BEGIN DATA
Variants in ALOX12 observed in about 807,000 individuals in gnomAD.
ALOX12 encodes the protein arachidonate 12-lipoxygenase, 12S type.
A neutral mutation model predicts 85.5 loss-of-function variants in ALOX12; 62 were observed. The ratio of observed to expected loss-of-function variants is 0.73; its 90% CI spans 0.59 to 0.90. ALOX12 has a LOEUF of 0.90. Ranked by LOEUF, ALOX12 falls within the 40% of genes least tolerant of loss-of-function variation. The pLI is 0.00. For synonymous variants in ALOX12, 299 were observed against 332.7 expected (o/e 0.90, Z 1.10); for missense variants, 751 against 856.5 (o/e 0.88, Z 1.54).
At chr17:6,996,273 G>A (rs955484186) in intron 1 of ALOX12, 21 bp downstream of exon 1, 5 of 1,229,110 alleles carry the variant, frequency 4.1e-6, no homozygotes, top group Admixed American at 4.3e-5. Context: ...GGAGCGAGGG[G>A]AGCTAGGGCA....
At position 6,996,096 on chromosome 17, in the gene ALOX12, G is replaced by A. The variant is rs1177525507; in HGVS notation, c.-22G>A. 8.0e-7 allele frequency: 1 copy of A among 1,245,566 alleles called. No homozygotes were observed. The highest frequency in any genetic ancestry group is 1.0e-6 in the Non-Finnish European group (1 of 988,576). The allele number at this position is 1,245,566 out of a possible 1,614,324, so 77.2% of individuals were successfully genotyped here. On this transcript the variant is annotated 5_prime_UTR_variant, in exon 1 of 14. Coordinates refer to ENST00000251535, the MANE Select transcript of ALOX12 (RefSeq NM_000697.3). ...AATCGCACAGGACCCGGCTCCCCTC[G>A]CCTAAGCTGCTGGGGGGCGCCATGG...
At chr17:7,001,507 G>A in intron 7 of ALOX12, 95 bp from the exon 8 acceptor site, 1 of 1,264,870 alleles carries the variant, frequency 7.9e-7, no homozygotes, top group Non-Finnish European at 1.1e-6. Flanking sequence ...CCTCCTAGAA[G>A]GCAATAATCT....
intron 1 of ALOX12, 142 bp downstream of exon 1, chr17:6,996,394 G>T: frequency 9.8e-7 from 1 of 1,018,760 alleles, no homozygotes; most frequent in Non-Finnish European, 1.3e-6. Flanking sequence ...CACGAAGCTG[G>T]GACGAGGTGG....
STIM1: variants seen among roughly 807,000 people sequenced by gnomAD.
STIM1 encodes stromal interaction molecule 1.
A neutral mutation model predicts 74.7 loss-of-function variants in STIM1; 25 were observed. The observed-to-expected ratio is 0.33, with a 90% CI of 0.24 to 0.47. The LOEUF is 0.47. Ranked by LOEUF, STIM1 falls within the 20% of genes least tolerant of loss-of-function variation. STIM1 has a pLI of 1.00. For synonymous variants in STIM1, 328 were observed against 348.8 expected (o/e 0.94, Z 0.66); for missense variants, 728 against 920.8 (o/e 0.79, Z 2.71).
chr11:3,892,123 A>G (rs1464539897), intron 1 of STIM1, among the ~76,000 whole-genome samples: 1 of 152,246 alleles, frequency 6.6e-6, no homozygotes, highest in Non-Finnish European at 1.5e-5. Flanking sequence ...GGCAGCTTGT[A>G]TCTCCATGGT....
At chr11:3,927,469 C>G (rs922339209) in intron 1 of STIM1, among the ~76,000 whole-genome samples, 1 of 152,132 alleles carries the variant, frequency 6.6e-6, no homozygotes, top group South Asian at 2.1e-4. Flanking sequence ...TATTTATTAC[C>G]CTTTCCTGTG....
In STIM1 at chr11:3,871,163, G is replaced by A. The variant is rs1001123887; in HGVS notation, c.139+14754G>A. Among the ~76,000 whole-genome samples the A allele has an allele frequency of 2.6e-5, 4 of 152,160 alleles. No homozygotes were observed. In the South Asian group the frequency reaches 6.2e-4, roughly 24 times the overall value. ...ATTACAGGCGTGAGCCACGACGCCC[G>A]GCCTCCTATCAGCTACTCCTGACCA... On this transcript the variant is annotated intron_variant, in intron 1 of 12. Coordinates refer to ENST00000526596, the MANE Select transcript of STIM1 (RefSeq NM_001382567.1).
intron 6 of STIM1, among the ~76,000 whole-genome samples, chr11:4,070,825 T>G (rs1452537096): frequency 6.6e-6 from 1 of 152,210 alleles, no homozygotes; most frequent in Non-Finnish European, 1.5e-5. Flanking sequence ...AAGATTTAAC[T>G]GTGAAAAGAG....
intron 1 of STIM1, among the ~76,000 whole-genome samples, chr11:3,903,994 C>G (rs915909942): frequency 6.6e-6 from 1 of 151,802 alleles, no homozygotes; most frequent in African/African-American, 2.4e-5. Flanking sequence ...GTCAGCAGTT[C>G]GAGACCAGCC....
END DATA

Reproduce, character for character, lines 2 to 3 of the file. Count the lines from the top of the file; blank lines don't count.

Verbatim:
ALOX12 encodes the protein arachidonate 12-lipoxygenase, 12S type.
A neutral mutation model predicts 85.5 loss-of-function variants in ALOX12; 62 were observed. The ratio of observed to expected loss-of-function variants is 0.73; its 90% CI spans 0.59 to 0.90. ALOX12 has a LOEUF of 0.90. Ranked by LOEUF, ALOX12 falls within the 40% of genes least tolerant of loss-of-function variation. The pLI is 0.00. For synonymous variants in ALOX12, 299 were observed against 332.7 expected (o/e 0.90, Z 1.10); for missense variants, 751 against 856.5 (o/e 0.88, Z 1.54).